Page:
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Wednesday, January 23, 2013

"Photoshop is cheating" - Oh, really!?

Admit it, you've heard this one before. "Photoshop is cheating, it's not reality anymore". Or, how about this: "I never use Photoshop, I wanna get it right the first time". Or even this: "Photoshop is for geeks, I'm a traditional photographer". Well, I have heard all of the above - and plenty of their variations - more than once, and so I decided to write a little something about it.

The claim that Photoshop is cheating and not "reality" anymore, obviously originates from a well-known fact (although, sadly, not well enough for many depressed teenagers). This is, that lifestyle magazines portraying all these hordes of celebrities employ significant retouching to, shall we say, beautify "reality" (I keep using quotes on that for a reason, read on).

Do I use Photoshop to make the photos of the people I take look better? Of course I do. Do I make them look something they are not? Of course I don't. But Photoshopping is a continuation of the process of taking a picture: it is there to tweak some technical matters that cannot be fully tweaked while taking the photo. For better or for worse, a camera cannot capture a scene the way our eyes see it. Both because our eyes cannot freeze time, and also because our eyes see in ways a camera can't (yet) - different color perception, much different dynamic range perception, and all that.

A shadow under an eye; a little spot distracting an even surface; highlights that make the skin look greasy and dirty. All these are things we do not notice on everyday life, when we see a person. But once they are encaptured on a photo, they are very, very visible. So, forget about "getting it right the first time". Some few photographs might work like that - although, still, they would greatly benefit from some post-production work. Most need at least a little tweaking.

As for "reality" and why it is in quotes. I won't go into philosophical analyses of reality, but in photographic terms, people ignore the fact that what a camera captures is not reality. An image, printed on paper or displayed on a screen, even less so. Go as far back as you want, photographs always involved a dark room where certain decisions had to be made. In some ways, Photoshop retouching is closer to "reality" (=what our eyes see) than in the old days! And yet few, up until computers appeared, questioned how real is the image depicted on a photo.

Consider the following two sets of images. The white balance has been tampered with. Unless you have been present in the scenes, it is very difficult to be certain which of the two is the case.

CLICK to ENLARGE

CLICK to ENLARGE

This is not a matter of "Photoshopping" - simply a point that a camera does not capture "reality". In film days, it would have depended on what kind of film (what temperature it would have been) to see the same effect. The bottom line is, you cannot trust your eyes - in the sense: cameras do not capture "reality"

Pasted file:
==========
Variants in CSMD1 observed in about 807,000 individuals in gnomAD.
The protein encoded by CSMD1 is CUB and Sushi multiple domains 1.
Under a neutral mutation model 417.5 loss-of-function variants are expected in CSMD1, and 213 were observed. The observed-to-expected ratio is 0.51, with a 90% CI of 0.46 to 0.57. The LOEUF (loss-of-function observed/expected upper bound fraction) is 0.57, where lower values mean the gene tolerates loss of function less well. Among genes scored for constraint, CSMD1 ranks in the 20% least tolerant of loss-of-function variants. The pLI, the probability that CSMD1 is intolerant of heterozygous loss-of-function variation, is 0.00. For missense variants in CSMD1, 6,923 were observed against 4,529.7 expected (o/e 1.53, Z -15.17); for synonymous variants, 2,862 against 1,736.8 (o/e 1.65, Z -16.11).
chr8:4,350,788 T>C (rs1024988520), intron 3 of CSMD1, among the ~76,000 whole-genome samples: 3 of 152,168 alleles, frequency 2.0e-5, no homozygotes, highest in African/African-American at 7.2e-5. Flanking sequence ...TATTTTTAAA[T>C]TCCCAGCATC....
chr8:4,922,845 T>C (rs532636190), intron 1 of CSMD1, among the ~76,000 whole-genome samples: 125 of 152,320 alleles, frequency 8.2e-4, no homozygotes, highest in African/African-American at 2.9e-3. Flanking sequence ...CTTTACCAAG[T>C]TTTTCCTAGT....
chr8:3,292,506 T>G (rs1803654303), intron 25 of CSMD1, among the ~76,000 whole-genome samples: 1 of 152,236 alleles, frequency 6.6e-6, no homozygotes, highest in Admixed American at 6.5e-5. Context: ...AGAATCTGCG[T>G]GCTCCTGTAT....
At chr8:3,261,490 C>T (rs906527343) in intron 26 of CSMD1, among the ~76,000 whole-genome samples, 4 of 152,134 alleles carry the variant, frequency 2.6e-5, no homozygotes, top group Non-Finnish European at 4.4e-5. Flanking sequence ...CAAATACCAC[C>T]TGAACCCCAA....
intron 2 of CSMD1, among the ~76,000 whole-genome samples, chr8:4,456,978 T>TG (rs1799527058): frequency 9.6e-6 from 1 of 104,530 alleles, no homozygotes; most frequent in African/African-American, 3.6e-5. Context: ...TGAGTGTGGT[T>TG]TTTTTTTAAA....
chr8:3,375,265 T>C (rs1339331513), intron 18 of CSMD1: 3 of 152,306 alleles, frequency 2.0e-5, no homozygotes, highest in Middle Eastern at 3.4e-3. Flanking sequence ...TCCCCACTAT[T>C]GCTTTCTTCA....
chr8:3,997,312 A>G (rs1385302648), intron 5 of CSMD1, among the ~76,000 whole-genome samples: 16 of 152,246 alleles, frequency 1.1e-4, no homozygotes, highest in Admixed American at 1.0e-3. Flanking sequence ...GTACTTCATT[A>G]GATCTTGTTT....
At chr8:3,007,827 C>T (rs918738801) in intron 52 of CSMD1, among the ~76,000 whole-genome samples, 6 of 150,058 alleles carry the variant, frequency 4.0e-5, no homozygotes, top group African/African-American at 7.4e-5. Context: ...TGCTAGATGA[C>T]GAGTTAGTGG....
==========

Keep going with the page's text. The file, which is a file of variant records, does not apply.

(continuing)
So, the claim "Photoshop is for geeks, I'm a traditional photographer", is certainly not applicable for someone using a digital camera. Because it is the equivalent of a film photographer taking photos and then not developing them.

What is your opinion? Do you agree? Disagree? Leave a comment or share this using the buttons below and get the discussion going!

1 comment:

  1. As you say, no camera can capture what the human eye can and we don't even process things in the same way when we are there and when looking at a picture. A picture itself is not "reality". We're not there, where it was taken. The sights, sounds, smells, curiosities of that particular space and time are data we do not have. By definition, a photo is merely a visual representation of the moment. It's a painting of it, done by a machine.

    The complaints come from people who are against idolizing people and view technology as a threat to their artistic expression. Which, if you think about it, is their own type of "cheating" and makes for double standards. This is the moment as I want it to be seen and anything and anyone who thinks differently are cheaters.

    While I am certainly against distorting reality and trying to pass it off as reality (which is the morally incorrect thing to do), I do not feel being creative is cheating. It's art and it's creating a spectacle for the eyes. It's a way to convey the things you want to covey through the tweaking you do.

    Like with any medium or tool, it is not the tool itself which brings moral or creative conflict, it's how people use it. Manipulating pictures and using that to form a fake reality, in order to convince people that is what they should strive for, is wrong. Not Photoshop, but what people do with it.

    Also, there is a lot of tweaking happening to a camera even before post-processing in Photoshop. Why is that not called cheating as well? And to put it more simply. Haters gonna hate. :P

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